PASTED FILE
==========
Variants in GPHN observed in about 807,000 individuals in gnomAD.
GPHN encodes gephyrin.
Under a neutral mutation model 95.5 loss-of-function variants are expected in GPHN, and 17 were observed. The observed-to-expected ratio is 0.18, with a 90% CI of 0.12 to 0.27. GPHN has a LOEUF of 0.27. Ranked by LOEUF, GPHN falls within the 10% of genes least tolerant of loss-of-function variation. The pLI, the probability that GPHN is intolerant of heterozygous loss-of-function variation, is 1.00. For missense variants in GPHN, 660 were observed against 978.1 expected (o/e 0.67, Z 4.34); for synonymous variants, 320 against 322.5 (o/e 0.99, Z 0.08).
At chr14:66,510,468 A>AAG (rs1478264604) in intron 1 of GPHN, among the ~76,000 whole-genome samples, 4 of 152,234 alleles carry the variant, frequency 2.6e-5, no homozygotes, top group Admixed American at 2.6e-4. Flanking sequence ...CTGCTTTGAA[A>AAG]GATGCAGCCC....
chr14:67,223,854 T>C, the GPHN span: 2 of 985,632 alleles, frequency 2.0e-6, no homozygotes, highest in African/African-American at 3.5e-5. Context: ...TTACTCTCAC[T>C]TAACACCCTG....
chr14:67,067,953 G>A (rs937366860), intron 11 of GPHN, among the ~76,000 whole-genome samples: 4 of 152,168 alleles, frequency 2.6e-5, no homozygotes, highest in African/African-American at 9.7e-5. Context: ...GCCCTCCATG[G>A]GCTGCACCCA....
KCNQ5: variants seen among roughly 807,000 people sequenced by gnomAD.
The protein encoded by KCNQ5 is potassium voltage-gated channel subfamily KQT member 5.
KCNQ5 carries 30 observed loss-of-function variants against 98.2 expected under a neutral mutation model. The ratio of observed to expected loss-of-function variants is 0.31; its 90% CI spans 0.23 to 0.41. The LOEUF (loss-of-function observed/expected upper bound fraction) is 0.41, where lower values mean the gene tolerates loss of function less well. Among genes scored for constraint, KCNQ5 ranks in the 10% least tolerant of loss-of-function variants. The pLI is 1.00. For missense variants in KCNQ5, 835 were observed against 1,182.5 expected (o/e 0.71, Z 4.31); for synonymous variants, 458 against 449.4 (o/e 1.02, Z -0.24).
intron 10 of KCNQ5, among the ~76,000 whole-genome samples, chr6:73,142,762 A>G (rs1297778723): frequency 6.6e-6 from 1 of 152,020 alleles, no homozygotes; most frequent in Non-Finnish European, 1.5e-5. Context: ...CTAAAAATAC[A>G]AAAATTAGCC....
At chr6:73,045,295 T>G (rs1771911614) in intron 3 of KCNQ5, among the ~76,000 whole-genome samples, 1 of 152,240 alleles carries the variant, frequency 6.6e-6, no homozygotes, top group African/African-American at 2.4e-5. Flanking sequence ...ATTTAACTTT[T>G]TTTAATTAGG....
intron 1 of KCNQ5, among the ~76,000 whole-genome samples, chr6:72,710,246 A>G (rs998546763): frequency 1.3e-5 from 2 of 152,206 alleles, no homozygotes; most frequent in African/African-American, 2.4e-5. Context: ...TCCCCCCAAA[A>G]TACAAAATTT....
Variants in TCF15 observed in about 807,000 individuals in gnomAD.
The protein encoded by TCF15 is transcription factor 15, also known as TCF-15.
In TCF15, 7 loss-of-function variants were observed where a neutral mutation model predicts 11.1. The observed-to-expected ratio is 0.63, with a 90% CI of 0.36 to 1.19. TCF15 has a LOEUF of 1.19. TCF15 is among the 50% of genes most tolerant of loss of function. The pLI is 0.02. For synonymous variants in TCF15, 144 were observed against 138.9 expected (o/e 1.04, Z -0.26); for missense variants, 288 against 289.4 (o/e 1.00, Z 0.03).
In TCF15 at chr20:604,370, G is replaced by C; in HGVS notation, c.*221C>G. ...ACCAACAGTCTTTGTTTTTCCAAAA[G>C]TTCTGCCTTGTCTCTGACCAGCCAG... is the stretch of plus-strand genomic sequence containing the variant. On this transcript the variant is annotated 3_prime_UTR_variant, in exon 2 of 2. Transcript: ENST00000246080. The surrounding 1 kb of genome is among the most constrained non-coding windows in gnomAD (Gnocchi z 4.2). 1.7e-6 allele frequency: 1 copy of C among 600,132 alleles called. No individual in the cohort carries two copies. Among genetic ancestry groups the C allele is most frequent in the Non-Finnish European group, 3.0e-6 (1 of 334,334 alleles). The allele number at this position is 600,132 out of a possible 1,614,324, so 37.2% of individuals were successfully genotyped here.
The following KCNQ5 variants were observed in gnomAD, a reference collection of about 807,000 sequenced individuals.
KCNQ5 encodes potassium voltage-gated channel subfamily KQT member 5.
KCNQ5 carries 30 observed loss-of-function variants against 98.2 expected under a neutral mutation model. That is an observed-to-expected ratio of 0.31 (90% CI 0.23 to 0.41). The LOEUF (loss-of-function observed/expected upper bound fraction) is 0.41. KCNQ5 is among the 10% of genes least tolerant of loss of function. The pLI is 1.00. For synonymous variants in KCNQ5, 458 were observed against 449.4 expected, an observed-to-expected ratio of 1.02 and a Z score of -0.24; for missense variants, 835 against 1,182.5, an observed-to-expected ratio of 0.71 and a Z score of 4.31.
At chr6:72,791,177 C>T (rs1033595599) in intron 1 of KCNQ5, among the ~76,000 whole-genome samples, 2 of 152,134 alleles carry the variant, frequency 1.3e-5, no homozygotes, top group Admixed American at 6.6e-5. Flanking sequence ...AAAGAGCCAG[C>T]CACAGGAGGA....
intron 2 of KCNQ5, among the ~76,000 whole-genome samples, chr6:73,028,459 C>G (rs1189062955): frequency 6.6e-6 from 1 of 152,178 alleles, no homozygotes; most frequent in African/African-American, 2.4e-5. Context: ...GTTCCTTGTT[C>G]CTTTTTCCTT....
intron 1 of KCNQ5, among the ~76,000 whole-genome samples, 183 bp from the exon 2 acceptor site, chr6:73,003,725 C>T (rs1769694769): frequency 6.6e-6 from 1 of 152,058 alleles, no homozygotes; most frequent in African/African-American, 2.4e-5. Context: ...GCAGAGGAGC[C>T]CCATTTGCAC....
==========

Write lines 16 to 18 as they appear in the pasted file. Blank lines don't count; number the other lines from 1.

In TCF15 at chr20:604,370, G is replaced by C; in HGVS notation, c.*221C>G. ...ACCAACAGTCTTTGTTTTTCCAAAA[G>C]TTCTGCCTTGTCTCTGACCAGCCAG... is the stretch of plus-strand genomic sequence containing the variant. On this transcript the variant is annotated 3_prime_UTR_variant, in exon 2 of 2. Transcript: ENST00000246080. The surrounding 1 kb of genome is among the most constrained non-coding windows in gnomAD (Gnocchi z 4.2). 1.7e-6 allele frequency: 1 copy of C among 600,132 alleles called. No individual in the cohort carries two copies. Among genetic ancestry groups the C allele is most frequent in the Non-Finnish European group, 3.0e-6 (1 of 334,334 alleles). The allele number at this position is 600,132 out of a possible 1,614,324, so 37.2% of individuals were successfully genotyped here.
The following KCNQ5 variants were observed in gnomAD, a reference collection of about 807,000 sequenced individuals.
KCNQ5 encodes potassium voltage-gated channel subfamily KQT member 5.